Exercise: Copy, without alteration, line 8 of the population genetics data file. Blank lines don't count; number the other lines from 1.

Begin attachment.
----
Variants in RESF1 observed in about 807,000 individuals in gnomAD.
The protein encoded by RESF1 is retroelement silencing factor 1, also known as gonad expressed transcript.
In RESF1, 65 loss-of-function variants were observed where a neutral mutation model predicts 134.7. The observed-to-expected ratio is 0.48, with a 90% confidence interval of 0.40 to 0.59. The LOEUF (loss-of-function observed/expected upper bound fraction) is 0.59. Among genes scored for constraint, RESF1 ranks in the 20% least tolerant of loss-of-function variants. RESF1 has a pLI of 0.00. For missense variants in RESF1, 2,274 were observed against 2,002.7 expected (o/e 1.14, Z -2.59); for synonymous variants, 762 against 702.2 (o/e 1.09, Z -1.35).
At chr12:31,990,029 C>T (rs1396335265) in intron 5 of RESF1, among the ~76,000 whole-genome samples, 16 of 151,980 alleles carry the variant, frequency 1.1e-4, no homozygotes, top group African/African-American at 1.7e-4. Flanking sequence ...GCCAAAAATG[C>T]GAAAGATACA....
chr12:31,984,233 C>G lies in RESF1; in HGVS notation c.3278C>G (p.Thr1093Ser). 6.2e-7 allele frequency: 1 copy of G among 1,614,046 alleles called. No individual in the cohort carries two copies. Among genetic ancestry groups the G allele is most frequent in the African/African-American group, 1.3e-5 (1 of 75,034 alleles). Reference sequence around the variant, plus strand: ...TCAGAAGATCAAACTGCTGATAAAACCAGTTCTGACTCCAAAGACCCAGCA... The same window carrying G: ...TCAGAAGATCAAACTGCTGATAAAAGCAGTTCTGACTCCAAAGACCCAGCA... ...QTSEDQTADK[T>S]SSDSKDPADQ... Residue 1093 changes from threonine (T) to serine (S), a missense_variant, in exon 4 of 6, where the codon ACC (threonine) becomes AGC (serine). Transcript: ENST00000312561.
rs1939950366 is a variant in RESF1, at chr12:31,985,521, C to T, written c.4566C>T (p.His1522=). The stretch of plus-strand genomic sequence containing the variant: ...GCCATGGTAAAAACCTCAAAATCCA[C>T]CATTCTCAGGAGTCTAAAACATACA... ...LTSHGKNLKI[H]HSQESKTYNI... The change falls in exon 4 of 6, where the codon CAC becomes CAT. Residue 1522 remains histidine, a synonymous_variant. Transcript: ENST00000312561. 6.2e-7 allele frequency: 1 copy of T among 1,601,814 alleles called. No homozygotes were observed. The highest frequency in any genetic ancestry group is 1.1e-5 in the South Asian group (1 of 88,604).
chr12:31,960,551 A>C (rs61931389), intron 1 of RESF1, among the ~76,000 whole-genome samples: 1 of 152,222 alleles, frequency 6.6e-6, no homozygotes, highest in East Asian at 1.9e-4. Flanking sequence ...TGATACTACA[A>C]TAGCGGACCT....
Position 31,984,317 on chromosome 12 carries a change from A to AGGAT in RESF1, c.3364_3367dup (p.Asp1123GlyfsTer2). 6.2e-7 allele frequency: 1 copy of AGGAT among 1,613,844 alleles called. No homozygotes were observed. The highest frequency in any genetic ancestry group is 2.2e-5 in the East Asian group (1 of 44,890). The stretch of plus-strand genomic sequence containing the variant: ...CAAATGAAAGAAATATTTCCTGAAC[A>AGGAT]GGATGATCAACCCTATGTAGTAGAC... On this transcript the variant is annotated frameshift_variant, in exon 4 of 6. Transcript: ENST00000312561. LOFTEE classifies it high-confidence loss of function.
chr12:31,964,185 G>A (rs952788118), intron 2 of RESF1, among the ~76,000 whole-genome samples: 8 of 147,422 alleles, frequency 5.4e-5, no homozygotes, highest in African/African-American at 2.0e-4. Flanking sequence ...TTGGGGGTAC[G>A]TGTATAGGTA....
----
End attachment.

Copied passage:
Position 31,984,317 on chromosome 12 carries a change from A to AGGAT in RESF1, c.3364_3367dup (p.Asp1123GlyfsTer2). 6.2e-7 allele frequency: 1 copy of AGGAT among 1,613,844 alleles called. No homozygotes were observed. The highest frequency in any genetic ancestry group is 2.2e-5 in the East Asian group (1 of 44,890). The stretch of plus-strand genomic sequence containing the variant: ...CAAATGAAAGAAATATTTCCTGAAC[A>AGGAT]GGATGATCAACCCTATGTAGTAGAC... On this transcript the variant is annotated frameshift_variant, in exon 4 of 6. Transcript: ENST00000312561. LOFTEE classifies it high-confidence loss of function.